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What You Don’t Have To Do To Be Healthy

Every day we are bombarded with messages from our culture and the media about what we “must do” to be healthy. From meal-replacement shakes, juice fasts, strict diets and intense exercise regimes, getting healthy can seem pretty overwhelming for the average person.

In my health coaching practice, new clients are often so frustrated and confused by all the messages they hear that they give up before they even start. Although there are a few general guidelines that I’d recommend to everyone, like avoiding processed foods, what it will take to get your unique body balanced and healthy will look very different than the next person. Let me de-bunk a few messages you may have heard:

What You Don’t Have To Do To Be Healthy:

  1.      You don’t have to drink smoothies or juices every day (or at all).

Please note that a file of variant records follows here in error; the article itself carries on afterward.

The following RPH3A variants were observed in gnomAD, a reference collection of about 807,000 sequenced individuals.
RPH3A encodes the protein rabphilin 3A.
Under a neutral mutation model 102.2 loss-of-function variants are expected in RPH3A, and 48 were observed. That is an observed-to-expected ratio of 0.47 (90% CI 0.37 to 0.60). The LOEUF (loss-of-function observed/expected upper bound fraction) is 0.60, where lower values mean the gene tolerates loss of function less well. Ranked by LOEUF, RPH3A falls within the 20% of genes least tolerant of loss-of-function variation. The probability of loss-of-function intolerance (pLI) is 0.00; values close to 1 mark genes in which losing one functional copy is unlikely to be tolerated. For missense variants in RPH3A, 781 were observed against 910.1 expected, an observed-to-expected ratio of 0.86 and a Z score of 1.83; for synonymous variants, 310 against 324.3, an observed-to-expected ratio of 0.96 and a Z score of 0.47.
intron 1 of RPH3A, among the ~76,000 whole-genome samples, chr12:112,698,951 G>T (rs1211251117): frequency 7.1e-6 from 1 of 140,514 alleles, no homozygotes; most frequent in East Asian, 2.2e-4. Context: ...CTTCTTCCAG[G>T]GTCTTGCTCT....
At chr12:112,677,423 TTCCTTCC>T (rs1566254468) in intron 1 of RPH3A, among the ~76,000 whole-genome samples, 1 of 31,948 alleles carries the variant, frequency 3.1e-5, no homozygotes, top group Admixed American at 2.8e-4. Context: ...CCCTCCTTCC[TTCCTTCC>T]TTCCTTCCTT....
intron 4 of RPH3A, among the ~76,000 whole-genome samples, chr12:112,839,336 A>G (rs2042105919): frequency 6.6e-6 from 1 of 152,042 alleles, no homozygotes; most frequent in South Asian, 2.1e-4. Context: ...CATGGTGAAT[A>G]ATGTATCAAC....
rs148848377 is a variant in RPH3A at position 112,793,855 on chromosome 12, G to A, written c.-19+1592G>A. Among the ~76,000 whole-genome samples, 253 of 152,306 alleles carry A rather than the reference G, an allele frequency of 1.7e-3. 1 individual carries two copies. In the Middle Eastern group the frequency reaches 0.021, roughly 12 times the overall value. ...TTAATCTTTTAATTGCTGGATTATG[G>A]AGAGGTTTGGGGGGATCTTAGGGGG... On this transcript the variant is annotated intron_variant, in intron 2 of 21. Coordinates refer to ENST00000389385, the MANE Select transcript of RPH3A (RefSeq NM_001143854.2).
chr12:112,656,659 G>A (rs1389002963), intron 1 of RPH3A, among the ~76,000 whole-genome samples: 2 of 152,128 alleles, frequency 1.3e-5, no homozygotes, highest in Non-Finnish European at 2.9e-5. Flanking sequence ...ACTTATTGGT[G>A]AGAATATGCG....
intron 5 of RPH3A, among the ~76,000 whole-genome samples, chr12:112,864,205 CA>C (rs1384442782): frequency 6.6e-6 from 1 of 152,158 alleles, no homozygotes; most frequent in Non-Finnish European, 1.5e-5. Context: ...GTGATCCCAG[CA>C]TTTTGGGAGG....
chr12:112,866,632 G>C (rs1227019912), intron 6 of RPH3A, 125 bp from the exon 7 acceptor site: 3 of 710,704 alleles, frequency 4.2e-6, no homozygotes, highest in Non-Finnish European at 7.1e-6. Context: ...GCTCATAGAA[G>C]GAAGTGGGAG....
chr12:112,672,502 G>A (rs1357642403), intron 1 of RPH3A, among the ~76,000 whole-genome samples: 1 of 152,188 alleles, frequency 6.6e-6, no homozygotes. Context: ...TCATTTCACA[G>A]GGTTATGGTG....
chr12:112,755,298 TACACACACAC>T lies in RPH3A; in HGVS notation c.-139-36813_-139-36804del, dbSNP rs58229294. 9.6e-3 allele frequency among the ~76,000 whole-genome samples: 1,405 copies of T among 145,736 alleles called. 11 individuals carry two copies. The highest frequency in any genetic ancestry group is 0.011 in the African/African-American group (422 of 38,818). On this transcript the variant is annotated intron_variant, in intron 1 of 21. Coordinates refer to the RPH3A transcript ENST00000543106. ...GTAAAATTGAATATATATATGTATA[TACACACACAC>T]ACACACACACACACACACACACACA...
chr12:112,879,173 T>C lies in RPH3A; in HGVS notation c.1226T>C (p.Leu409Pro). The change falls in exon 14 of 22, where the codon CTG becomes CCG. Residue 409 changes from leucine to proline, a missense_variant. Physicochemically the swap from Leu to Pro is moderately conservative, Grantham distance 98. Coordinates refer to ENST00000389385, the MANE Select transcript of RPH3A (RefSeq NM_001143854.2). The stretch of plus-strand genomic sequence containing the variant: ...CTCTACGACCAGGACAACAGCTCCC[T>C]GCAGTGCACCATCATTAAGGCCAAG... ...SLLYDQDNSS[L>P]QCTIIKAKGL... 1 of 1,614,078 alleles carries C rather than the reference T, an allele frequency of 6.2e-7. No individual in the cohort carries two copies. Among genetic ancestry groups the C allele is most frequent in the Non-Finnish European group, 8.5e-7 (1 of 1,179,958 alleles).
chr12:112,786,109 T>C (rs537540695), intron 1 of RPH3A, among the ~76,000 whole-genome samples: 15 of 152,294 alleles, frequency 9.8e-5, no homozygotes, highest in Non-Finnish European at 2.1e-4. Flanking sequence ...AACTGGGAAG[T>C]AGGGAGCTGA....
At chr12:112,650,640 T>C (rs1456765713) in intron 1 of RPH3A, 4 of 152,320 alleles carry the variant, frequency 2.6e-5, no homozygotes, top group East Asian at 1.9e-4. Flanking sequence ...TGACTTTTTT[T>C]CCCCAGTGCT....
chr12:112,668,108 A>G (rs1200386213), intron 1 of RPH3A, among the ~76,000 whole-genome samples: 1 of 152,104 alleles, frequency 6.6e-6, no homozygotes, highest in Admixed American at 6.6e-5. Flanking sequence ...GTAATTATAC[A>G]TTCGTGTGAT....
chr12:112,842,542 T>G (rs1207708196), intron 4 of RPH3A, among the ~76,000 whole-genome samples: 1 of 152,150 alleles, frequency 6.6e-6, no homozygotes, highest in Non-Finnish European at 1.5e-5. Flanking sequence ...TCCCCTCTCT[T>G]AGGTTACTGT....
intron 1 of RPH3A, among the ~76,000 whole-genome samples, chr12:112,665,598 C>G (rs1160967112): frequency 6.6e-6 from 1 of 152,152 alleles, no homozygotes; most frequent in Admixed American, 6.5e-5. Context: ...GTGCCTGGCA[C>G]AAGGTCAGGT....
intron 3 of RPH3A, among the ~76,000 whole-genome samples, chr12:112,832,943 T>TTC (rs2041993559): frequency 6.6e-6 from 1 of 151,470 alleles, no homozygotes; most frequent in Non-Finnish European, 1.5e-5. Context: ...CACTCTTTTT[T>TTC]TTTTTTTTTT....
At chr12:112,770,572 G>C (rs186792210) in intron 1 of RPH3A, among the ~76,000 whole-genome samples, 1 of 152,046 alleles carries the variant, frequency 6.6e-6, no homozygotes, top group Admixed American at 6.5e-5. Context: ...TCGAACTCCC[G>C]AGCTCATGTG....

2.      You don’t have to follow a strict diet.
  3.      You don’t have to lose weight (unless that’s your goal).
  4.      You don’t have to do intense exercise every day (unless you want to).

All of this being said, there are a few things you may need to do. After all, getting your body in a healthy and balanced state is a lifestyle commitment for the long-run. I’m not here to tell you this will be easy, but you can do healthy your way- on your own terms.

What You May Need To Do:

  1.      Learn cooking basics & increase home cooking.
  2.      Drink more water.
  3.      Re-focus the majority of your diet to include real, whole food (not processed or refined).
  4.      Move your body as often as possible in a way that you enjoy.
  5.      Supplement your diet with high-quality, pharmaceutical-grade products

To Your Health, 

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Disclaimer: My blog pro­vides gen­eral infor­ma­tion and dis­cus­sion about supplements, health and related sub­jects. The words and other con­tent pro­vided in this blog, and in any linked mate­ri­als, are not intended and should not be con­strued as med­ical advice. If the reader or any other per­son has a med­ical con­cern, he or she should con­sult with an appropriately licensed physi­cian or other health care worker.

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